Therefore, while awaiting my PC to defragment my hard drives I have been able to type up this short post.
Whilst Reading James Delingpole's blog article "Only the Tea Party can save us now" in the Telegraph I was struck by this contributor's comment.
This is one of the best observations of the "Left" mind set and of the workings of the human mind. How we still defend the choices we make, be it our life partner who abuses us, the career path we took or the political ideology we aligned to, believing that it reflected our core values of equal chances for all, and the humanitarian impulses that we operate on can be used and misused.
(Spot on, James)
Britain is now in thrall to an idea that many of us thought would be remain buried under the rubble of the Berlin Wall. Instead, since the end of the Cold War, it has gone from strength to strength and now represents political orthodoxy in this country.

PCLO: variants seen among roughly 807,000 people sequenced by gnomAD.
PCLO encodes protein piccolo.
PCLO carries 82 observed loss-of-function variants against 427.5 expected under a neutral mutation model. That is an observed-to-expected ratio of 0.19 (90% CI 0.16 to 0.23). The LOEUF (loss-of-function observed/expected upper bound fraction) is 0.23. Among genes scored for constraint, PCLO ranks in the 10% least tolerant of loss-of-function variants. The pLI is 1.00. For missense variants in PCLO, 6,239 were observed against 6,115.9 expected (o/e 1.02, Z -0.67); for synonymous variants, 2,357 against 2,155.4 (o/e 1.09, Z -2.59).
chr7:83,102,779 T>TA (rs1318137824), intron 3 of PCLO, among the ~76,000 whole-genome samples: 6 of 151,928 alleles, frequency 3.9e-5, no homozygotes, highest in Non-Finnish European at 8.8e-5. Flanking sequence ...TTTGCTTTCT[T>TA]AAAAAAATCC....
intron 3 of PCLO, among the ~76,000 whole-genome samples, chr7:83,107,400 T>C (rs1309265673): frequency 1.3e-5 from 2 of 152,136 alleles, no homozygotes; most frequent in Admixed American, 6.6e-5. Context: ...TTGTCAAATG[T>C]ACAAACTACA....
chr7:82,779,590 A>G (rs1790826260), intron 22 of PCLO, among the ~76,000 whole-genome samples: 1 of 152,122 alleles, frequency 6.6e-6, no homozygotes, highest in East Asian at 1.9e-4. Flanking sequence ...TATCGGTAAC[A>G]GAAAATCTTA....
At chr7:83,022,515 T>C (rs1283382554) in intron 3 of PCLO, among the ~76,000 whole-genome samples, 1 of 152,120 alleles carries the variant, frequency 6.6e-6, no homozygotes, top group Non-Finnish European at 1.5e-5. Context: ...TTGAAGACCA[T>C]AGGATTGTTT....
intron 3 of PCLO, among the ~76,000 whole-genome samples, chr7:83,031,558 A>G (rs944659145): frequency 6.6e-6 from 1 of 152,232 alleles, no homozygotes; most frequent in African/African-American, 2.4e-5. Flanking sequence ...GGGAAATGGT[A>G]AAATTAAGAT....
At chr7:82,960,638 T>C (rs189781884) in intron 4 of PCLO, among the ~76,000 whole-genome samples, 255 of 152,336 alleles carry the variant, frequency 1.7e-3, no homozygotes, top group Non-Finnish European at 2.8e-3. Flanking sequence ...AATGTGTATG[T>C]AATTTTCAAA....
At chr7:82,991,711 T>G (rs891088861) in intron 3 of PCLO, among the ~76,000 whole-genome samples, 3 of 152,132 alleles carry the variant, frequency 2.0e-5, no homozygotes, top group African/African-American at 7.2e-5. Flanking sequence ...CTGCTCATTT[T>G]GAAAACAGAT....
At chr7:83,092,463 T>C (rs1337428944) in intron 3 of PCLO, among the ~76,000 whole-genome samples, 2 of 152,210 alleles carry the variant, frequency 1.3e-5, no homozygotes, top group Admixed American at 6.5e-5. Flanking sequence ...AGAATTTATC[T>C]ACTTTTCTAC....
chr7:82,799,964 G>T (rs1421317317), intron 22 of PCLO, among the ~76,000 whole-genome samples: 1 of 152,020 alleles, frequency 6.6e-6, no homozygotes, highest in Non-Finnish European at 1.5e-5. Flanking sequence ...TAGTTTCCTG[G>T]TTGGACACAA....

In essence, this idea is that it is the duty of the government to provide for its people and remove any source of dissatisfaction from their lives. The central cause of this dissatisfaction is identified as the inequality between individuals, be it in wealth, happiness, respect or self-esteem. This inequality is believed to result from allowing people to decide things for themselves, which leads them to make unwise decisions or give in to greed and prejudice. By allowing a powerful government to act as saviour and redeemer of the people, we can create a better world.